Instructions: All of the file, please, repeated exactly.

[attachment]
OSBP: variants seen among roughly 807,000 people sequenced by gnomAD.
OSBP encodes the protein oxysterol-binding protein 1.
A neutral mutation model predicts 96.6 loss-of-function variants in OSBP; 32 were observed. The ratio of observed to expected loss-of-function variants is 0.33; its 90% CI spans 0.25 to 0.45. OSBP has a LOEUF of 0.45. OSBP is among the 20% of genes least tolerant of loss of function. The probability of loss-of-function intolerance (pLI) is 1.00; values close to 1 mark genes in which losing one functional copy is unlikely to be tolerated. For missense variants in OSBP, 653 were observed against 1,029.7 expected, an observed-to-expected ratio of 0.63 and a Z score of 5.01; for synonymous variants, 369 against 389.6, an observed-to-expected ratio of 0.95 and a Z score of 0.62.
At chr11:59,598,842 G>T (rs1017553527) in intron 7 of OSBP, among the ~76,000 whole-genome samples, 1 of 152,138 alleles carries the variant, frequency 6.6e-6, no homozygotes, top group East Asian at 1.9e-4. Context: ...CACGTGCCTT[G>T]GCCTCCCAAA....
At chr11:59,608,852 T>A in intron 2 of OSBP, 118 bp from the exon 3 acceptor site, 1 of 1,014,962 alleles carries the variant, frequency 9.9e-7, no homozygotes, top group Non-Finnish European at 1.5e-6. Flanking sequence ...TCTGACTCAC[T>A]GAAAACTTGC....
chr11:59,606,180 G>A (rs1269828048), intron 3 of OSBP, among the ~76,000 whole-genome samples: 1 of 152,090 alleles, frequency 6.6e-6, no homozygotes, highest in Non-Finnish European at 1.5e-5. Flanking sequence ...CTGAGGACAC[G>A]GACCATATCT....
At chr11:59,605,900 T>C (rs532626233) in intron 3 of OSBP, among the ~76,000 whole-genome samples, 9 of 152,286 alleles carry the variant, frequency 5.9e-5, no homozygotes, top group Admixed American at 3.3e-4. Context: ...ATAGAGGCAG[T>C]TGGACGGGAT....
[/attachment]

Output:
OSBP: variants seen among roughly 807,000 people sequenced by gnomAD.
OSBP encodes the protein oxysterol-binding protein 1.
A neutral mutation model predicts 96.6 loss-of-function variants in OSBP; 32 were observed. The ratio of observed to expected loss-of-function variants is 0.33; its 90% CI spans 0.25 to 0.45. OSBP has a LOEUF of 0.45. OSBP is among the 20% of genes least tolerant of loss of function. The probability of loss-of-function intolerance (pLI) is 1.00; values close to 1 mark genes in which losing one functional copy is unlikely to be tolerated. For missense variants in OSBP, 653 were observed against 1,029.7 expected, an observed-to-expected ratio of 0.63 and a Z score of 5.01; for synonymous variants, 369 against 389.6, an observed-to-expected ratio of 0.95 and a Z score of 0.62.
At chr11:59,598,842 G>T (rs1017553527) in intron 7 of OSBP, among the ~76,000 whole-genome samples, 1 of 152,138 alleles carries the variant, frequency 6.6e-6, no homozygotes, top group East Asian at 1.9e-4. Context: ...CACGTGCCTT[G>T]GCCTCCCAAA....
At chr11:59,608,852 T>A in intron 2 of OSBP, 118 bp from the exon 3 acceptor site, 1 of 1,014,962 alleles carries the variant, frequency 9.9e-7, no homozygotes, top group Non-Finnish European at 1.5e-6. Flanking sequence ...TCTGACTCAC[T>A]GAAAACTTGC....
chr11:59,606,180 G>A (rs1269828048), intron 3 of OSBP, among the ~76,000 whole-genome samples: 1 of 152,090 alleles, frequency 6.6e-6, no homozygotes, highest in Non-Finnish European at 1.5e-5. Flanking sequence ...CTGAGGACAC[G>A]GACCATATCT....
At chr11:59,605,900 T>C (rs532626233) in intron 3 of OSBP, among the ~76,000 whole-genome samples, 9 of 152,286 alleles carry the variant, frequency 5.9e-5, no homozygotes, top group Admixed American at 3.3e-4. Context: ...ATAGAGGCAG[T>C]TGGACGGGAT....